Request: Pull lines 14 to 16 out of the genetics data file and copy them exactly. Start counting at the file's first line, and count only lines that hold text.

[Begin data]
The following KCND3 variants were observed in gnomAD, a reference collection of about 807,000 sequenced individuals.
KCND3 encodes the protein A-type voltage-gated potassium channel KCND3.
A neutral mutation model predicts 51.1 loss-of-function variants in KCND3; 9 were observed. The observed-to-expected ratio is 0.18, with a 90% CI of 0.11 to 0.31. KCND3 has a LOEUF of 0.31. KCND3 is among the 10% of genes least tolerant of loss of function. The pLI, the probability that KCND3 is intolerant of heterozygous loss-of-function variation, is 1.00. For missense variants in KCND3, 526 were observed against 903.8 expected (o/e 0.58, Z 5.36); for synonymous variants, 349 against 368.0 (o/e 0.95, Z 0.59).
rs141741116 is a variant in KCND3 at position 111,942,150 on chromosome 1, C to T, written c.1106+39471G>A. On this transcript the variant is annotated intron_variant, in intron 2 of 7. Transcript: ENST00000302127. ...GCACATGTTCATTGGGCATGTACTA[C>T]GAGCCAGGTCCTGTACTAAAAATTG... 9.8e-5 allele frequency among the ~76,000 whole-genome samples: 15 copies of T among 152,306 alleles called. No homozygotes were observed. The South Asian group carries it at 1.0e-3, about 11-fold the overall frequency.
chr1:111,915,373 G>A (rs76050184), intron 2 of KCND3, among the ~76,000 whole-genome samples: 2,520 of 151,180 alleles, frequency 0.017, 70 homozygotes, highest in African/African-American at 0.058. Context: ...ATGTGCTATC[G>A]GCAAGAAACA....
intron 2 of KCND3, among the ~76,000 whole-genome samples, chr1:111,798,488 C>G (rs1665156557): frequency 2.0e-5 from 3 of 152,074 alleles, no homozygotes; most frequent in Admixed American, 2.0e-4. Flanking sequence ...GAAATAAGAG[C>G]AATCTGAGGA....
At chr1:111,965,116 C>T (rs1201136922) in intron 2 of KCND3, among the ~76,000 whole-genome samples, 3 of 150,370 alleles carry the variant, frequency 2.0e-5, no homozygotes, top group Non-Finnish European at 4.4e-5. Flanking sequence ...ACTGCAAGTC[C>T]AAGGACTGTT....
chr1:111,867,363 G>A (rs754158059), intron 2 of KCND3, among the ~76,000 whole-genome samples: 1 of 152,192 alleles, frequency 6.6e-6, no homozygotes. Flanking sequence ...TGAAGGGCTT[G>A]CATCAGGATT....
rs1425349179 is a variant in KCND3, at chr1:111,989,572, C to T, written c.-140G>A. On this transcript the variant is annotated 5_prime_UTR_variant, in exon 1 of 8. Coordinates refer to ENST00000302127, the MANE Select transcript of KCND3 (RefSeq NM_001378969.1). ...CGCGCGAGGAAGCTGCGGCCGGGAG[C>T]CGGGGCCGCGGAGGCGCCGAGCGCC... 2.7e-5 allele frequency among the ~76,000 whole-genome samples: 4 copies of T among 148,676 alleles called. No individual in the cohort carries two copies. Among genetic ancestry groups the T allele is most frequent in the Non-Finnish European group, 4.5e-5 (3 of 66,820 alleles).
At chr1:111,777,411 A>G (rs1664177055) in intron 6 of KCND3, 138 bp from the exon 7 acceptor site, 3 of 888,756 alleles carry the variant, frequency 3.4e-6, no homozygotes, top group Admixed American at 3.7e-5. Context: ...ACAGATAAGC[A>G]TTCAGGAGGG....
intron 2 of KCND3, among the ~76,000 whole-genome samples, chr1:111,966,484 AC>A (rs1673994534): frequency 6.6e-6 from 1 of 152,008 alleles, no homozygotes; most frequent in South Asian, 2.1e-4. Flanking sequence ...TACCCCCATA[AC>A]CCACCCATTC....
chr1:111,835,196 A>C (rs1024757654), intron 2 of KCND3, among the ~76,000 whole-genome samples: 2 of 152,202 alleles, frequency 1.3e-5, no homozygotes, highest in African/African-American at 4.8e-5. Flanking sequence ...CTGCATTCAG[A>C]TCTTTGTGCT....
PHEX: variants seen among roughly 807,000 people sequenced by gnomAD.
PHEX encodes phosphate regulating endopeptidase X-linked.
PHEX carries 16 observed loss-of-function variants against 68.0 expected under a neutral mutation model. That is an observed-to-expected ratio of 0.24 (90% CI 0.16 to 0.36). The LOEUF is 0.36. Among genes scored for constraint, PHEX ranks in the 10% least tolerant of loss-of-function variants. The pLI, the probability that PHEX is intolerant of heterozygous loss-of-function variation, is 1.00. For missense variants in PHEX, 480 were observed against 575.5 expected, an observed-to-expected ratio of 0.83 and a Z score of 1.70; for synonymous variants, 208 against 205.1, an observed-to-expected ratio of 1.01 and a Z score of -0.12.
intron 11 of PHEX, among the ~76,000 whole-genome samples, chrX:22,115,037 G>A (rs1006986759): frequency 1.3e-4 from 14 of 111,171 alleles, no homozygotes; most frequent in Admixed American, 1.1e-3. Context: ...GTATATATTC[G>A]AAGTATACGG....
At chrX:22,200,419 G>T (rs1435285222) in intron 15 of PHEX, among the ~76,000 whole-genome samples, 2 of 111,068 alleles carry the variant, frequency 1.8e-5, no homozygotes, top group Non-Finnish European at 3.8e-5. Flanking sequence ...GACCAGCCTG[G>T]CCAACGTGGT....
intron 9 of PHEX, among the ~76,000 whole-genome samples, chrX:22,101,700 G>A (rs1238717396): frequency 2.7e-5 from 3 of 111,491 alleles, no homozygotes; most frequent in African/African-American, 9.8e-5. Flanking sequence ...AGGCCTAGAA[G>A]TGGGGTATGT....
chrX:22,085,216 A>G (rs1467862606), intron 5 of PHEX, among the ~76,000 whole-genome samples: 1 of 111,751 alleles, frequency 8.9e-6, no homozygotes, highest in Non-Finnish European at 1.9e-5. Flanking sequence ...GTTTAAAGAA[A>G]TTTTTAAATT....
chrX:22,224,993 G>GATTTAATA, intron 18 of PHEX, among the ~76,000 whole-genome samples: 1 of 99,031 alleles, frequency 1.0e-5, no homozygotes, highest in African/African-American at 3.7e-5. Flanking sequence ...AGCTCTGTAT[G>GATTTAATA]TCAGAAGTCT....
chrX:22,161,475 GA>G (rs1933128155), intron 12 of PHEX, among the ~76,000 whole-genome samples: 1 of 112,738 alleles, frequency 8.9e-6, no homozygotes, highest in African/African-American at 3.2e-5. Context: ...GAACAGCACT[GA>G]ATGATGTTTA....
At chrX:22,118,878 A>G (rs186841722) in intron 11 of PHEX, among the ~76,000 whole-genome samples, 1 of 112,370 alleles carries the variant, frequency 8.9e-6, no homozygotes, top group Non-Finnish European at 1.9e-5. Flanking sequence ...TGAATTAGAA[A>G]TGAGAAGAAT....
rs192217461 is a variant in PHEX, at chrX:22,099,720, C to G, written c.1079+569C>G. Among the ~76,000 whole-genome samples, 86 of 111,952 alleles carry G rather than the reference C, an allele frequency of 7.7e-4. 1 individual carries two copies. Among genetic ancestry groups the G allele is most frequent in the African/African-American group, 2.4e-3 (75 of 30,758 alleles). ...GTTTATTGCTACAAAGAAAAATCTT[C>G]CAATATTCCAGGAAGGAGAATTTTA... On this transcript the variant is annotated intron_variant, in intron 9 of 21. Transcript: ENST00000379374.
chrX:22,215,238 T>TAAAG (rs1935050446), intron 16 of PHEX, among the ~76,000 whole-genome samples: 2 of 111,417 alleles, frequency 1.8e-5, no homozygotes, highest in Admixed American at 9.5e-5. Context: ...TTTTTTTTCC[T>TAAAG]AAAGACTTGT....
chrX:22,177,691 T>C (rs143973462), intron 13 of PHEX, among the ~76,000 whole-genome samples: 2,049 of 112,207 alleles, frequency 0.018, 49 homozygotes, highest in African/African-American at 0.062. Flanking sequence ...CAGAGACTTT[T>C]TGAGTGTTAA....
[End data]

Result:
PHEX encodes phosphate regulating endopeptidase X-linked.
PHEX carries 16 observed loss-of-function variants against 68.0 expected under a neutral mutation model. That is an observed-to-expected ratio of 0.24 (90% CI 0.16 to 0.36). The LOEUF is 0.36. Among genes scored for constraint, PHEX ranks in the 10% least tolerant of loss-of-function variants. The pLI, the probability that PHEX is intolerant of heterozygous loss-of-function variation, is 1.00. For missense variants in PHEX, 480 were observed against 575.5 expected, an observed-to-expected ratio of 0.83 and a Z score of 1.70; for synonymous variants, 208 against 205.1, an observed-to-expected ratio of 1.01 and a Z score of -0.12.
intron 11 of PHEX, among the ~76,000 whole-genome samples, chrX:22,115,037 G>A (rs1006986759): frequency 1.3e-4 from 14 of 111,171 alleles, no homozygotes; most frequent in Admixed American, 1.1e-3. Context: ...GTATATATTC[G>A]AAGTATACGG....